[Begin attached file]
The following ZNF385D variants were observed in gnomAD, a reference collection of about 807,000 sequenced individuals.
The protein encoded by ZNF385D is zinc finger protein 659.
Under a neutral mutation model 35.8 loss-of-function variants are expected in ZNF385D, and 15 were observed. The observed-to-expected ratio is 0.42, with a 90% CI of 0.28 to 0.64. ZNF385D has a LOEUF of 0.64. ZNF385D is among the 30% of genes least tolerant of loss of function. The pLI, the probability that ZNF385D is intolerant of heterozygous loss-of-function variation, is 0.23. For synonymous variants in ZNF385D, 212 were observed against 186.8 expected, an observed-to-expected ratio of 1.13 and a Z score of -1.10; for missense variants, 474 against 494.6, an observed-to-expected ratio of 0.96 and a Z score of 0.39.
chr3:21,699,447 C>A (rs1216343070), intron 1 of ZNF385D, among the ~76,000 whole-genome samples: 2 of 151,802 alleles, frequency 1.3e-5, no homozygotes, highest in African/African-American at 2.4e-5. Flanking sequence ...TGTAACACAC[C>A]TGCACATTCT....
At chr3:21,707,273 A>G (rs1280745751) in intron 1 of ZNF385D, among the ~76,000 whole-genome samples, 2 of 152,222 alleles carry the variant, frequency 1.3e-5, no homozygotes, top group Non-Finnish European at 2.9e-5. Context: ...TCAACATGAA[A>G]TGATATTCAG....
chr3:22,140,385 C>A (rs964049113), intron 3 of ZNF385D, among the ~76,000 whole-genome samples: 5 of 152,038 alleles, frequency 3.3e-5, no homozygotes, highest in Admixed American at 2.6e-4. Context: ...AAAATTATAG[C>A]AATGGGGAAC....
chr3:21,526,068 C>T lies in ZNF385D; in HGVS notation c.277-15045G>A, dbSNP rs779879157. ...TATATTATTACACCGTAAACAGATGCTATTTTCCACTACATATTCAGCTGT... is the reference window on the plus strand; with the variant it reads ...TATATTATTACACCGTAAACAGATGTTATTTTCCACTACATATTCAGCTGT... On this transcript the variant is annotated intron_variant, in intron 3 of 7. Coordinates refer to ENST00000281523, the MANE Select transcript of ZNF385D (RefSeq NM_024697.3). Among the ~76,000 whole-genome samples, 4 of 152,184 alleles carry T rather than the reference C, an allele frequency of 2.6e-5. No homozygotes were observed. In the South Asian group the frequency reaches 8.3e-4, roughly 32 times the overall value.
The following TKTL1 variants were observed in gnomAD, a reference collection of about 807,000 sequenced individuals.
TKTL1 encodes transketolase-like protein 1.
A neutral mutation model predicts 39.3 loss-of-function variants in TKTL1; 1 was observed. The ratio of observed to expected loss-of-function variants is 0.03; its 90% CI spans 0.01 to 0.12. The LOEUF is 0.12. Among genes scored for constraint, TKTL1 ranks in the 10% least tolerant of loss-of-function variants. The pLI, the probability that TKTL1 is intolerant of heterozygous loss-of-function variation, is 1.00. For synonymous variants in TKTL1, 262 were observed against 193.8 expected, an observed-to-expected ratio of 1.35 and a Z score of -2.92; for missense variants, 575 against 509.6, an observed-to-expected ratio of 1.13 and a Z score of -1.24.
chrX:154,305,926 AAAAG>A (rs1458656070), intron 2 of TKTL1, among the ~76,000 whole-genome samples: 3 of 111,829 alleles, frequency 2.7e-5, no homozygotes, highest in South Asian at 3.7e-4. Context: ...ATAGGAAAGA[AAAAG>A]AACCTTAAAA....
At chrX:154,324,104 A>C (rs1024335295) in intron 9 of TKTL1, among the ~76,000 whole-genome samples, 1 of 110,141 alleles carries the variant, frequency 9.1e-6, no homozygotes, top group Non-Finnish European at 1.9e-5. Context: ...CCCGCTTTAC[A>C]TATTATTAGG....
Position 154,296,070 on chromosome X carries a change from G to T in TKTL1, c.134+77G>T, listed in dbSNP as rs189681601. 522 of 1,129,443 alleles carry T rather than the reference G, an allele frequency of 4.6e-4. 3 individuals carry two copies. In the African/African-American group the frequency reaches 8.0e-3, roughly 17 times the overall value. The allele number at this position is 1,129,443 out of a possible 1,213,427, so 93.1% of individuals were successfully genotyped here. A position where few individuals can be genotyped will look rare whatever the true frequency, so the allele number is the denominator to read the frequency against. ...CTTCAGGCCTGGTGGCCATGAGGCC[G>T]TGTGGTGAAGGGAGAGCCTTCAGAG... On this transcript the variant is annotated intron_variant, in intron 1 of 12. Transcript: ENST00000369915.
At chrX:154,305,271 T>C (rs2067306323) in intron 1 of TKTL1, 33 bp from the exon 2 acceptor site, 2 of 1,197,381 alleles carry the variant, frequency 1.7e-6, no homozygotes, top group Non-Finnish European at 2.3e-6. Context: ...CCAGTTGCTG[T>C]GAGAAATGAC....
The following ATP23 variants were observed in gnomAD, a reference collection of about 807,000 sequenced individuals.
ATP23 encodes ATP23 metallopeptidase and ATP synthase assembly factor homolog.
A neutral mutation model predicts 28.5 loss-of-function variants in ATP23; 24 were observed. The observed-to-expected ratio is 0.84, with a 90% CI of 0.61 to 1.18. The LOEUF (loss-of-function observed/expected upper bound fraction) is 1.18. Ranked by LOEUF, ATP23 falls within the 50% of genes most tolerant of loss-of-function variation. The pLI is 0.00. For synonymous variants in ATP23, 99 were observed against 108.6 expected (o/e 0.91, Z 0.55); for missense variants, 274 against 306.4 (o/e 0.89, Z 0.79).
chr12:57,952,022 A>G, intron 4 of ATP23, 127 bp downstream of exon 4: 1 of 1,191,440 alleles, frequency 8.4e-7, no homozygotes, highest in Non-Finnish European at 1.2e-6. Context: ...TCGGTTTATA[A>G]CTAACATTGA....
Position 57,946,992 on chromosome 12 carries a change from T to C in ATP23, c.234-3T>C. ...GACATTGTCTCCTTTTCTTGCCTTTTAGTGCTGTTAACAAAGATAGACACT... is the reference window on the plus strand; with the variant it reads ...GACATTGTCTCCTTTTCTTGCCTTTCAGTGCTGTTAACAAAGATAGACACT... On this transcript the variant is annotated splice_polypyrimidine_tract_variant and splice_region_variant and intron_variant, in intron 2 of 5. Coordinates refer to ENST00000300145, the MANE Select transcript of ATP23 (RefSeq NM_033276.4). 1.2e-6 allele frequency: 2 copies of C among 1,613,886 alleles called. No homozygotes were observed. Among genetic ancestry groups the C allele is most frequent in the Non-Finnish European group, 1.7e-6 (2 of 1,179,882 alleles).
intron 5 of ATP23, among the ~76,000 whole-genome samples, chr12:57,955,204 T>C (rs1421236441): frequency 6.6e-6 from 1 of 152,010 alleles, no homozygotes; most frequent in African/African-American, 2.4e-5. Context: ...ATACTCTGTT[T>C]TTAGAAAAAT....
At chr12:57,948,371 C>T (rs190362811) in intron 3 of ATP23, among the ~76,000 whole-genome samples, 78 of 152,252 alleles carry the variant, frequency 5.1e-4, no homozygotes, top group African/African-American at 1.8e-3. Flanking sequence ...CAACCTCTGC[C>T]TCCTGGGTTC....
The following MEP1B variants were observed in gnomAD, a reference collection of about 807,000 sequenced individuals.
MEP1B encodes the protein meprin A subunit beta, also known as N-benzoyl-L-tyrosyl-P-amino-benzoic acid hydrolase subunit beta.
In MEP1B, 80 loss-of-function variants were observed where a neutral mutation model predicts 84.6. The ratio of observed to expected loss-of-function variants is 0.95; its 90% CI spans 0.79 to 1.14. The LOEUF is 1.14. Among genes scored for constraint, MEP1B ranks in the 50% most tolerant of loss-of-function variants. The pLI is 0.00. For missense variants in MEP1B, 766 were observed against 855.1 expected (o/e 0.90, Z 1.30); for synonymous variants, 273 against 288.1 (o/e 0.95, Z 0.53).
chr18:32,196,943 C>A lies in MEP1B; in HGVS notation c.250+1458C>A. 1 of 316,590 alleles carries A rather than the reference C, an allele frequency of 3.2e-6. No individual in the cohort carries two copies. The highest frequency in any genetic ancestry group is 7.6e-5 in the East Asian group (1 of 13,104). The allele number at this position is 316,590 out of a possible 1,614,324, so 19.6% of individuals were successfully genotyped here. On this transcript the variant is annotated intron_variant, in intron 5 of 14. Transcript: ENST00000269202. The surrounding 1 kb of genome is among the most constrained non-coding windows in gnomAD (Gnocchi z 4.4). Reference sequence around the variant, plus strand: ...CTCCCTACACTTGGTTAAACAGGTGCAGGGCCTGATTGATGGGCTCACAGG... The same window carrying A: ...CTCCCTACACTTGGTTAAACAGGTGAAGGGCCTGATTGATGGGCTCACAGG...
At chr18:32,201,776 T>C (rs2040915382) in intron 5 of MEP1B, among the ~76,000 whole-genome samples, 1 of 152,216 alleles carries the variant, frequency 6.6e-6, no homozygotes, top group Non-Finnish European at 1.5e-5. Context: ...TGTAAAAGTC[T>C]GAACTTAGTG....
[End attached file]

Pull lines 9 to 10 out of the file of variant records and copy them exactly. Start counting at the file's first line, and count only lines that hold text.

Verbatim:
TKTL1 encodes transketolase-like protein 1.
A neutral mutation model predicts 39.3 loss-of-function variants in TKTL1; 1 was observed. The ratio of observed to expected loss-of-function variants is 0.03; its 90% CI spans 0.01 to 0.12. The LOEUF is 0.12. Among genes scored for constraint, TKTL1 ranks in the 10% least tolerant of loss-of-function variants. The pLI, the probability that TKTL1 is intolerant of heterozygous loss-of-function variation, is 1.00. For synonymous variants in TKTL1, 262 were observed against 193.8 expected, an observed-to-expected ratio of 1.35 and a Z score of -2.92; for missense variants, 575 against 509.6, an observed-to-expected ratio of 1.13 and a Z score of -1.24.